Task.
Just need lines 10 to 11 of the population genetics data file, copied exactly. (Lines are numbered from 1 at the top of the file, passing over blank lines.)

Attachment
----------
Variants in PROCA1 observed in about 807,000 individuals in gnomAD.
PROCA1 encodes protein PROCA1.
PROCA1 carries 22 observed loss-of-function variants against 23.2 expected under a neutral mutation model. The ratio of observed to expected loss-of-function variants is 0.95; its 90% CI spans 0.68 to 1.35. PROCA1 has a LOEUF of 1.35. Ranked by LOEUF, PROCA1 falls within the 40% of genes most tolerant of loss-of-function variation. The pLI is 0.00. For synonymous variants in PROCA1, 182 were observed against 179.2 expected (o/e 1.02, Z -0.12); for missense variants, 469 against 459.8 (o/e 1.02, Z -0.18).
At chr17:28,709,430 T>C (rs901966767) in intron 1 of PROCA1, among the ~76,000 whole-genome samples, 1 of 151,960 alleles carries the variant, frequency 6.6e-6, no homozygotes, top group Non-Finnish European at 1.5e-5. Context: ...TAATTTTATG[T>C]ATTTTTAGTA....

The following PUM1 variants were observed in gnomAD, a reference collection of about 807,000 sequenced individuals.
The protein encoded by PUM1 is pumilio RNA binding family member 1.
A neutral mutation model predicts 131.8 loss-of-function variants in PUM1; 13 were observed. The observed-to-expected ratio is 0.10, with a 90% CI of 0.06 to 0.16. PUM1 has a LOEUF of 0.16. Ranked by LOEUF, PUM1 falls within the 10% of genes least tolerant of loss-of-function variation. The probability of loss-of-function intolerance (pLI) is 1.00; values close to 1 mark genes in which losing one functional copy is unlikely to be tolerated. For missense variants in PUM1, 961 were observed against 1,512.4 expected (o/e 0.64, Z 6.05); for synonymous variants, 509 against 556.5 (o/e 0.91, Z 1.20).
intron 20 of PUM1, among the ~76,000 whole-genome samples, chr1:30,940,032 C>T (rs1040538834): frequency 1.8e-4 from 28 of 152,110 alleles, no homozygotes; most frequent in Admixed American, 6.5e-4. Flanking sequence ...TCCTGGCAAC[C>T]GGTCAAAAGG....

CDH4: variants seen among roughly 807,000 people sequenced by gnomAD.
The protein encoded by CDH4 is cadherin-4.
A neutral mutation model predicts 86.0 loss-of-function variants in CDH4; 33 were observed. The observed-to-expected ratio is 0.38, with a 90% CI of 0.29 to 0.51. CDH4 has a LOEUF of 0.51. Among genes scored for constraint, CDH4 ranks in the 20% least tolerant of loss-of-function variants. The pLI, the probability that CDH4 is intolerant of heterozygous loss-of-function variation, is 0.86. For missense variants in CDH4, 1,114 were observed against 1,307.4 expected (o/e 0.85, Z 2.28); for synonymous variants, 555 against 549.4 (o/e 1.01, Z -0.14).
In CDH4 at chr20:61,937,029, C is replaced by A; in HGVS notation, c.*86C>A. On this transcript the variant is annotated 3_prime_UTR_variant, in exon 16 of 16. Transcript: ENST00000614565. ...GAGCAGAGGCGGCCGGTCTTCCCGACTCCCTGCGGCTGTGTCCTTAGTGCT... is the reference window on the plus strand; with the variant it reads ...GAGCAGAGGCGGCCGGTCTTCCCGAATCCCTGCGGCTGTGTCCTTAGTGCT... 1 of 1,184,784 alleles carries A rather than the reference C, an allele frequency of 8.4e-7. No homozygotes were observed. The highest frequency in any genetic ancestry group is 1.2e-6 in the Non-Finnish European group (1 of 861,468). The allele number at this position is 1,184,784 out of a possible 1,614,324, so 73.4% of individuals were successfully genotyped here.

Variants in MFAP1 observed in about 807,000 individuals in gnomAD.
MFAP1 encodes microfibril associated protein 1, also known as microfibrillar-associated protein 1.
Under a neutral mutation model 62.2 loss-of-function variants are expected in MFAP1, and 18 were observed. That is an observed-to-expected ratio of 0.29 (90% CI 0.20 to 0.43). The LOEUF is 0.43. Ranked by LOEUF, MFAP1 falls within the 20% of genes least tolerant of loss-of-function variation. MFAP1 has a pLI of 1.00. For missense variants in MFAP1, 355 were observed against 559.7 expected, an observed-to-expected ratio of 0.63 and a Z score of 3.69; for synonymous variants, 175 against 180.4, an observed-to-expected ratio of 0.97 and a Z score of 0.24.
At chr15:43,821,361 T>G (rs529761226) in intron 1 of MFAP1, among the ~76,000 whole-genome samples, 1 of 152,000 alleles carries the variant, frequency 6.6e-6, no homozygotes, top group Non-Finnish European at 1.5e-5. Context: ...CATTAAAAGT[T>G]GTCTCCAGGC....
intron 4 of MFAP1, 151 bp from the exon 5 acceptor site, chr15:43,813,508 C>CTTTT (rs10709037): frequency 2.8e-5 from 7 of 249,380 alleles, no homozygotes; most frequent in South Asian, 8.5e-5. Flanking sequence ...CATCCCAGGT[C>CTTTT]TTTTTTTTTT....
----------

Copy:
The protein encoded by CDH4 is cadherin-4.
A neutral mutation model predicts 86.0 loss-of-function variants in CDH4; 33 were observed. The observed-to-expected ratio is 0.38, with a 90% CI of 0.29 to 0.51. CDH4 has a LOEUF of 0.51. Among genes scored for constraint, CDH4 ranks in the 20% least tolerant of loss-of-function variants. The pLI, the probability that CDH4 is intolerant of heterozygous loss-of-function variation, is 0.86. For missense variants in CDH4, 1,114 were observed against 1,307.4 expected (o/e 0.85, Z 2.28); for synonymous variants, 555 against 549.4 (o/e 1.01, Z -0.14).